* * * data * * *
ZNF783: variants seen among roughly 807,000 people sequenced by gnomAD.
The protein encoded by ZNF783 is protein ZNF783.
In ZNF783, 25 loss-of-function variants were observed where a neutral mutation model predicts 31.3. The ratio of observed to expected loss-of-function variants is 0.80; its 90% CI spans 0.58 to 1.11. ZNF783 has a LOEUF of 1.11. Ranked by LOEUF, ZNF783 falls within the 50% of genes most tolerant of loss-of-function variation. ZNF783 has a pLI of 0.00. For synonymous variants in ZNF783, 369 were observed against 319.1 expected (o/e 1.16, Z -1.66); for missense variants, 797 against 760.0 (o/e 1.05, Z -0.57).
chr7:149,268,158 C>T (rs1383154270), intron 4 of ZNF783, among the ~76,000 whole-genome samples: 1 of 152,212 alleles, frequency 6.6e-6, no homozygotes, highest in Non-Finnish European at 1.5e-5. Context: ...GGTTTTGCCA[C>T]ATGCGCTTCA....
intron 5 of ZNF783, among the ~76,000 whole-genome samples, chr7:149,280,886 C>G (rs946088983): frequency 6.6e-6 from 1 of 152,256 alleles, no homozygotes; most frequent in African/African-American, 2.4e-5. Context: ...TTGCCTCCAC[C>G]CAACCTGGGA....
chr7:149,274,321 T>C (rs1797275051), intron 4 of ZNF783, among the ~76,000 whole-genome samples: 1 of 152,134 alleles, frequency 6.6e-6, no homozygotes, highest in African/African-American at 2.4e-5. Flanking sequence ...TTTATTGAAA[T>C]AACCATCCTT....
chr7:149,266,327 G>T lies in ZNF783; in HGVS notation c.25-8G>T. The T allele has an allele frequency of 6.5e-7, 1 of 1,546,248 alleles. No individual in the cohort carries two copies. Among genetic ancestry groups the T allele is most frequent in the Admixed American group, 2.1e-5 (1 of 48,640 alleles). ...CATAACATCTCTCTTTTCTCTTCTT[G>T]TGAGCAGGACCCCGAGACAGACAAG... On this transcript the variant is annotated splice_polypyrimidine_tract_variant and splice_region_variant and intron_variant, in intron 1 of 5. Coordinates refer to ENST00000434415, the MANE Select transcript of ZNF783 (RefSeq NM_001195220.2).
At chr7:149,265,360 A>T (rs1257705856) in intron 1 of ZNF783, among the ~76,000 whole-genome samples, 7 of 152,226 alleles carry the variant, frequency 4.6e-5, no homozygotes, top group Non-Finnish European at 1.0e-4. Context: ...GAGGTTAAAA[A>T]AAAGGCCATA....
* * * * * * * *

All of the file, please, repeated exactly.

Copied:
ZNF783: variants seen among roughly 807,000 people sequenced by gnomAD.
The protein encoded by ZNF783 is protein ZNF783.
In ZNF783, 25 loss-of-function variants were observed where a neutral mutation model predicts 31.3. The ratio of observed to expected loss-of-function variants is 0.80; its 90% CI spans 0.58 to 1.11. ZNF783 has a LOEUF of 1.11. Ranked by LOEUF, ZNF783 falls within the 50% of genes most tolerant of loss-of-function variation. ZNF783 has a pLI of 0.00. For synonymous variants in ZNF783, 369 were observed against 319.1 expected (o/e 1.16, Z -1.66); for missense variants, 797 against 760.0 (o/e 1.05, Z -0.57).
chr7:149,268,158 C>T (rs1383154270), intron 4 of ZNF783, among the ~76,000 whole-genome samples: 1 of 152,212 alleles, frequency 6.6e-6, no homozygotes, highest in Non-Finnish European at 1.5e-5. Context: ...GGTTTTGCCA[C>T]ATGCGCTTCA....
intron 5 of ZNF783, among the ~76,000 whole-genome samples, chr7:149,280,886 C>G (rs946088983): frequency 6.6e-6 from 1 of 152,256 alleles, no homozygotes; most frequent in African/African-American, 2.4e-5. Context: ...TTGCCTCCAC[C>G]CAACCTGGGA....
chr7:149,274,321 T>C (rs1797275051), intron 4 of ZNF783, among the ~76,000 whole-genome samples: 1 of 152,134 alleles, frequency 6.6e-6, no homozygotes, highest in African/African-American at 2.4e-5. Flanking sequence ...TTTATTGAAA[T>C]AACCATCCTT....
chr7:149,266,327 G>T lies in ZNF783; in HGVS notation c.25-8G>T. The T allele has an allele frequency of 6.5e-7, 1 of 1,546,248 alleles. No individual in the cohort carries two copies. Among genetic ancestry groups the T allele is most frequent in the Admixed American group, 2.1e-5 (1 of 48,640 alleles). ...CATAACATCTCTCTTTTCTCTTCTT[G>T]TGAGCAGGACCCCGAGACAGACAAG... On this transcript the variant is annotated splice_polypyrimidine_tract_variant and splice_region_variant and intron_variant, in intron 1 of 5. Coordinates refer to ENST00000434415, the MANE Select transcript of ZNF783 (RefSeq NM_001195220.2).
At chr7:149,265,360 A>T (rs1257705856) in intron 1 of ZNF783, among the ~76,000 whole-genome samples, 7 of 152,226 alleles carry the variant, frequency 4.6e-5, no homozygotes, top group Non-Finnish European at 1.0e-4. Context: ...GAGGTTAAAA[A>T]AAAGGCCATA....